The output of "The Penny Salon" consists partially of the well established work of Eastender Reg Batten, who achieved his 100th birthday before he passed away in 2014. Reg spent much of his leisure time from the 1930s until he was well into his 80s, recording images from the now bygone world around him, especially from around Essex; Malcolm Batten is the custodian of his fathers work, and continues the family tradition, with countless photographic images published in magazines, plus several articles to his credit, and with published books on related transport subjects; and Geoff Silcock, with well over 50 years overall involved in the pursuit of his passion for especially steam trains, including its related photography and railway journalism content, with over 100 published articles in specialist magazines over the last 25 years... Plus he assures everyone that he also found the time to spend over 45 years in the photographic "D&P" profession from the early 1960s...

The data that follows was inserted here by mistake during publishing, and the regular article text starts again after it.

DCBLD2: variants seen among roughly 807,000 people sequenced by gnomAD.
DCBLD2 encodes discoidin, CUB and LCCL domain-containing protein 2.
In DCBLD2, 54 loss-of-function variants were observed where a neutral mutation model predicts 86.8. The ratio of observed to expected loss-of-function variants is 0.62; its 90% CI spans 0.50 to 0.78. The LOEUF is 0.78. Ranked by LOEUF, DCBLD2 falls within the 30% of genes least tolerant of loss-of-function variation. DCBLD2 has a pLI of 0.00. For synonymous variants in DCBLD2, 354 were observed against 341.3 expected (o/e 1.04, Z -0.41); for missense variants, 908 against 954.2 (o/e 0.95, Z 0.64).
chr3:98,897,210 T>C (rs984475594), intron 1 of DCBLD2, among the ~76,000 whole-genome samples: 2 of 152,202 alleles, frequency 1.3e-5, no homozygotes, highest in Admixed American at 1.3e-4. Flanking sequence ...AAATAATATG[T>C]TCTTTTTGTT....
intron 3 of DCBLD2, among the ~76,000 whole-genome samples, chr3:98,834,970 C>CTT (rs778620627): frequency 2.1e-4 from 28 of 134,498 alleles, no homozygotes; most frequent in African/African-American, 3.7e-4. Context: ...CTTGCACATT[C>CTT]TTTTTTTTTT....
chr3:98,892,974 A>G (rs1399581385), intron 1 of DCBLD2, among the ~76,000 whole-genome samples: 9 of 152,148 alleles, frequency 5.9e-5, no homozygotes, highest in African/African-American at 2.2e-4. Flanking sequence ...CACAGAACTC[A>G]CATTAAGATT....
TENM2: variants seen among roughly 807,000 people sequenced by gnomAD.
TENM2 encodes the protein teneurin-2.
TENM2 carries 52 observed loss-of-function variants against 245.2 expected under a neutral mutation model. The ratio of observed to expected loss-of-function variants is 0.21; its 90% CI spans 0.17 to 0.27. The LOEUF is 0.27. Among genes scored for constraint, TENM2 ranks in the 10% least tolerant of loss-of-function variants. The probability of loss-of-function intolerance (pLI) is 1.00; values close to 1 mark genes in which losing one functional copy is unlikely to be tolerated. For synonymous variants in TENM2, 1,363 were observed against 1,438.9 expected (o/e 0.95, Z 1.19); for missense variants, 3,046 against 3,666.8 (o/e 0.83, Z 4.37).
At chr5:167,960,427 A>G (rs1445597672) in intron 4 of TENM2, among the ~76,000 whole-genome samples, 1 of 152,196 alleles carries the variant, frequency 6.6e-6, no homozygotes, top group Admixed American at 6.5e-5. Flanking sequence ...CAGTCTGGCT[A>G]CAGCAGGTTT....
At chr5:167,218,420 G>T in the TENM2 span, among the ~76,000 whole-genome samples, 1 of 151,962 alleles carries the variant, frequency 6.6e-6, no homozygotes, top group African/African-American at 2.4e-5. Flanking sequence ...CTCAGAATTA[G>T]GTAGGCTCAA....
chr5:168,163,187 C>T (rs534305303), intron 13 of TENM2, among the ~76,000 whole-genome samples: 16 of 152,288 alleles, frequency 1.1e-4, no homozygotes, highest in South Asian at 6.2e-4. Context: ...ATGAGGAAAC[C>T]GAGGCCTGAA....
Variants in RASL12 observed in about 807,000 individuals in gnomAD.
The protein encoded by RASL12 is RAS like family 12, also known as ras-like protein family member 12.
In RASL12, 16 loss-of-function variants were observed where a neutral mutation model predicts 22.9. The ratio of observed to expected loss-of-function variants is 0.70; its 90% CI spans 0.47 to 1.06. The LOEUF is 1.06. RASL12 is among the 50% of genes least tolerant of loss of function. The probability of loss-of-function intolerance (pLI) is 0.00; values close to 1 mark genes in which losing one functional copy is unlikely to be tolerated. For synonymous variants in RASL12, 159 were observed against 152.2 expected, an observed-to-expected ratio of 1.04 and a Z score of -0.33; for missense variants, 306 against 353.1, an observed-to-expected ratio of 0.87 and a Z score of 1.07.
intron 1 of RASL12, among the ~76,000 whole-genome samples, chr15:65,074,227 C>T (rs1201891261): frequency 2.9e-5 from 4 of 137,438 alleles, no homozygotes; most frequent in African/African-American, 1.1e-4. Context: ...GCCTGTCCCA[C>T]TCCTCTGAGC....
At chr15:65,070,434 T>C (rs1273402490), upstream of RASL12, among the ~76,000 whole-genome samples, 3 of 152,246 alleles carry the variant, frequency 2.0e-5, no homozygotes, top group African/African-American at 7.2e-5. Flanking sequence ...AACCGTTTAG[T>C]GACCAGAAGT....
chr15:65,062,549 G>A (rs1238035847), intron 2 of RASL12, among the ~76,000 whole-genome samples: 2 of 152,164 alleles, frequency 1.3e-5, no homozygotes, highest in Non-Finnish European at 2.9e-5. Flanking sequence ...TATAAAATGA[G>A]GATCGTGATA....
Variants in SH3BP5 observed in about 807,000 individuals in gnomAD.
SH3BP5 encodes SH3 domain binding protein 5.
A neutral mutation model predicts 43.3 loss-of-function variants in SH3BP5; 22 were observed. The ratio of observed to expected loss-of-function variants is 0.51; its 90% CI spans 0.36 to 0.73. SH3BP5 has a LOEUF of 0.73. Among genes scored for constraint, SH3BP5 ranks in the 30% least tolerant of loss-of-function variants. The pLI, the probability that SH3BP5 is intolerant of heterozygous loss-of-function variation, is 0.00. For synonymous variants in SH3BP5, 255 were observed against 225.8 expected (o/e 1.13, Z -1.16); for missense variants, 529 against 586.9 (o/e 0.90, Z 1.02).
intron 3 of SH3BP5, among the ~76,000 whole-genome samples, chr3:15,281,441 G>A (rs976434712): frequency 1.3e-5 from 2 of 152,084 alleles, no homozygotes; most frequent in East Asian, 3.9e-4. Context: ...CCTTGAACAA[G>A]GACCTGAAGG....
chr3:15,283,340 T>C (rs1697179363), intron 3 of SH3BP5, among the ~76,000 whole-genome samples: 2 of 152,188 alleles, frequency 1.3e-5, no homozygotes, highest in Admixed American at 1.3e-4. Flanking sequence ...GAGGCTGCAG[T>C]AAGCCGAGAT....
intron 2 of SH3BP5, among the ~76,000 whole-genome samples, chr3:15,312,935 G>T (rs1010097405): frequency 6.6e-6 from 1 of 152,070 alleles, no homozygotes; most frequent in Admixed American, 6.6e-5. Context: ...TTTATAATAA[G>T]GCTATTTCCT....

The inaugural month through to 18 June 2017 hosted The Essex Monochrome Society with Black and White images mainly from in and around Essex, including steam trains. This was followed by an exhibition by the Ongar Historical Millenium Society titled "The Railway Comes to Essex". "Bygone Essex" was the third exhibition to be held in the gallery, and a further selection of Reg Batten's iconic images will appear in a future exhibition. The 2017 season concluded with a selection of images from by long- time steam photographer, troubadour writer, and former Sentimental Journeys charter organiser Geoff Silcock, entitled Steam in the Frame, taking viewers on a journey from 1961 right through to the present day Epping Ongar Railway.
Fry's Chocolate Cabinet
The c.1890s "Frys Chocolate" glass cabinet,that was gifted to the Epping Ongar Railway, and refurbished by Malcolm Batten forms an important part of The Penny Salon's presentation of artefacts allied to the main displays.
Why "The Penny Salon"?
The name "The Penny Salon" is taken tongue in cheek from the c. 1865 built station rooms other use as its original Ladies Waiting Room.